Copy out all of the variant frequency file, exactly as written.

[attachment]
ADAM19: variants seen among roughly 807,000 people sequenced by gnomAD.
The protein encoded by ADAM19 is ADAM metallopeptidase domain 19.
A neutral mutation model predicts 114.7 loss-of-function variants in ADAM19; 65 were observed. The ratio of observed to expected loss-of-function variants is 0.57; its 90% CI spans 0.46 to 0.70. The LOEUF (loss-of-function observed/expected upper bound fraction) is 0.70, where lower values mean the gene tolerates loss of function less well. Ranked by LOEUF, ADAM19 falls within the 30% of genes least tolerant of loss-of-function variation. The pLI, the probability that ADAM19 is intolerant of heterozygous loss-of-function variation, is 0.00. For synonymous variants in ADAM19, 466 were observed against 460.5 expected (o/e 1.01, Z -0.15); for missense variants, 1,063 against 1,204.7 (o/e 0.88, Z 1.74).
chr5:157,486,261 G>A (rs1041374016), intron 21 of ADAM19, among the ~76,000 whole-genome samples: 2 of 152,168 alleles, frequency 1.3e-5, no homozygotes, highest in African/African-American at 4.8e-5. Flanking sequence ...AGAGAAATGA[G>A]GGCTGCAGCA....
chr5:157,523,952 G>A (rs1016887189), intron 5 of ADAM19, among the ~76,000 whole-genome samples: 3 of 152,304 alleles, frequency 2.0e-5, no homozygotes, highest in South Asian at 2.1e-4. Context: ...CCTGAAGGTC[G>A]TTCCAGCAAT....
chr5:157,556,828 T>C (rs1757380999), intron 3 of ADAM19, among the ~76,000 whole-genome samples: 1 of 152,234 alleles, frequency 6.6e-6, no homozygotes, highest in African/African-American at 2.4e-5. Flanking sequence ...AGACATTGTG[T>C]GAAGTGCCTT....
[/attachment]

ADAM19: variants seen among roughly 807,000 people sequenced by gnomAD.
The protein encoded by ADAM19 is ADAM metallopeptidase domain 19.
A neutral mutation model predicts 114.7 loss-of-function variants in ADAM19; 65 were observed. The ratio of observed to expected loss-of-function variants is 0.57; its 90% CI spans 0.46 to 0.70. The LOEUF (loss-of-function observed/expected upper bound fraction) is 0.70, where lower values mean the gene tolerates loss of function less well. Ranked by LOEUF, ADAM19 falls within the 30% of genes least tolerant of loss-of-function variation. The pLI, the probability that ADAM19 is intolerant of heterozygous loss-of-function variation, is 0.00. For synonymous variants in ADAM19, 466 were observed against 460.5 expected (o/e 1.01, Z -0.15); for missense variants, 1,063 against 1,204.7 (o/e 0.88, Z 1.74).
chr5:157,486,261 G>A (rs1041374016), intron 21 of ADAM19, among the ~76,000 whole-genome samples: 2 of 152,168 alleles, frequency 1.3e-5, no homozygotes, highest in African/African-American at 4.8e-5. Flanking sequence ...AGAGAAATGA[G>A]GGCTGCAGCA....
chr5:157,523,952 G>A (rs1016887189), intron 5 of ADAM19, among the ~76,000 whole-genome samples: 3 of 152,304 alleles, frequency 2.0e-5, no homozygotes, highest in South Asian at 2.1e-4. Context: ...CCTGAAGGTC[G>A]TTCCAGCAAT....
chr5:157,556,828 T>C (rs1757380999), intron 3 of ADAM19, among the ~76,000 whole-genome samples: 1 of 152,234 alleles, frequency 6.6e-6, no homozygotes, highest in African/African-American at 2.4e-5. Flanking sequence ...AGACATTGTG[T>C]GAAGTGCCTT....